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This question came about from a side discussion that arose on this: Does GR provide a maximum electric field limit?

Can we change our choice of coordinate system completely independent of physical motion, and still refer to coordinate dependent components as observations? For example if we have an inertial coordinate system in which we measure the electric field to be E, and now I want to boost the coordinate system to a different inertial coordinate system and state what the electric field E' is in this new coordinate system, do I need to physically accelerate to justify this change in coordinate system (and therefore need to worry about effect such as Unruh, etc. during "changing" the coordinate system)?

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This is a really bizarre question. It doesn't seem to make any sense - and moreover, this confusion seems to be deliberate - as judged by comments about "disagreements", "consensuses", and other words that don't belong to science. Most of the disagreements are due to people's ignorance, and most of the "consensuses" is due to ignorant people's huge number. By focusing on silly people's disagreements and consensuses, you will only absorb their delusion and you will fail to understand anything as your question seems to demonstrate, too. SE is not about people's stupidity; it's meant to answer q – Luboš Motl Mar 27 '11 at 6:09
By focusing on silly people's disagreements and consensuses, you will only absorb their delusion and you will fail to understand anything @Lubos that is very wise observation indeed. @John perhaps you could remove the hearsay to whatever extent possible in order to make your question more objective and well-defined. – user346 Mar 27 '11 at 6:27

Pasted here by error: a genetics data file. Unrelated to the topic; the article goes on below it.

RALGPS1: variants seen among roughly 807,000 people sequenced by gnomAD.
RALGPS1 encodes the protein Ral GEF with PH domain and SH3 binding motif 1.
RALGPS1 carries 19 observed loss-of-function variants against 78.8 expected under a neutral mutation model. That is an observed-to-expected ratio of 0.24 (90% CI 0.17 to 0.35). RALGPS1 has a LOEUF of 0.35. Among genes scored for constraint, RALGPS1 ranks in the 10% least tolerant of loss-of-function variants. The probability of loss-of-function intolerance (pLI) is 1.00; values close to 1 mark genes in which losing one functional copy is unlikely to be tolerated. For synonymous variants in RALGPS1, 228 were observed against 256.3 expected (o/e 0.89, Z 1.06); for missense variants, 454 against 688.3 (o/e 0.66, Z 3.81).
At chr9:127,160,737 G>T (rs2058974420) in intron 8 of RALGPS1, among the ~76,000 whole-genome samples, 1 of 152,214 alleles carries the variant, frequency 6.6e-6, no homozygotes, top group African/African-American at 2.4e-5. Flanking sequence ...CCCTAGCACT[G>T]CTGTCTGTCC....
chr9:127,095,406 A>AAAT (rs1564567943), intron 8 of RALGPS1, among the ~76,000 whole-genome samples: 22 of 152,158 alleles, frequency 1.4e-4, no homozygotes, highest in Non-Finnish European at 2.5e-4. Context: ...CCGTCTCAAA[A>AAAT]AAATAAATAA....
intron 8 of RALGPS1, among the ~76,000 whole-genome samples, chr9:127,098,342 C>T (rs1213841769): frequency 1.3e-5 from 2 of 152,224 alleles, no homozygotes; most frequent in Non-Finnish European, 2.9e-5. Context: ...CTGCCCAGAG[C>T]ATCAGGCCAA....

@Lubos : If I could judge in a topic what is a silly disagreement as opposed to a substantiative one, I probably wouldn't need to ask questions on the topic. So if one expert gives a short answer, and the other says that is overly simplified and provides a longer answer, shouldn't I inquire more? Shouldn't I double check? You seem to be telling me to accept the consensus at the same time you are admonishing that I should not care about consensus. – John Mar 27 '11 at 6:55
@Deepak : I'm always worried I will paraphrase a position so badly that it becomes a strawman, so I prefer to quote directly. I can see the complaint though, so I heavily redacted. Is it better now? If not, please suggest specific change and I will do so. – John Mar 27 '11 at 7:00
speaking for myself, yes. Its just right. – user346 Mar 27 '11 at 8:29

This is a common confusion students have with coordinate systems when first learning SR. They hear us say things like "the time according to observer Bob" or "in the reference frame of Alice" or "boost to the rest frame of Charlie". To be clear, these are short hand. Something isn't literally/physically "in" one frame and not "in" another frame. When we refer to the coordinate system "of" an observer, or something "in" someone's frame, it is usually short hand for discussing values according to the instantaneous co-moving inertial coordinate system.

So do not take such short hand literally.

A coordinate system is just a systematic labeling of spacetime points. We can choose any coordinate system we want. As an example that will hopefully get past this intuition barrier, choose a coordinate system in which you are at rest. Now change the coordinate system by adding a constant (shifting the origin). You don't need to physically move to use this new coordinate system.

In short, nature doesn't care how we label spacetime points. So we should be able to explain the physics independent of choice of coordinate systems. This is indeed possible, so you can really use whatever coordinate system you choose. A particular choice may be simplier to work with based on your motion, but no choice is more mathematically correct than any other.

As should be apparent from the other question you asked, the Motion Mountain book is not reliable. Just searching in Google brings up the phrase crackpot in link titles on the first page of results. Please stick with reputable sources.

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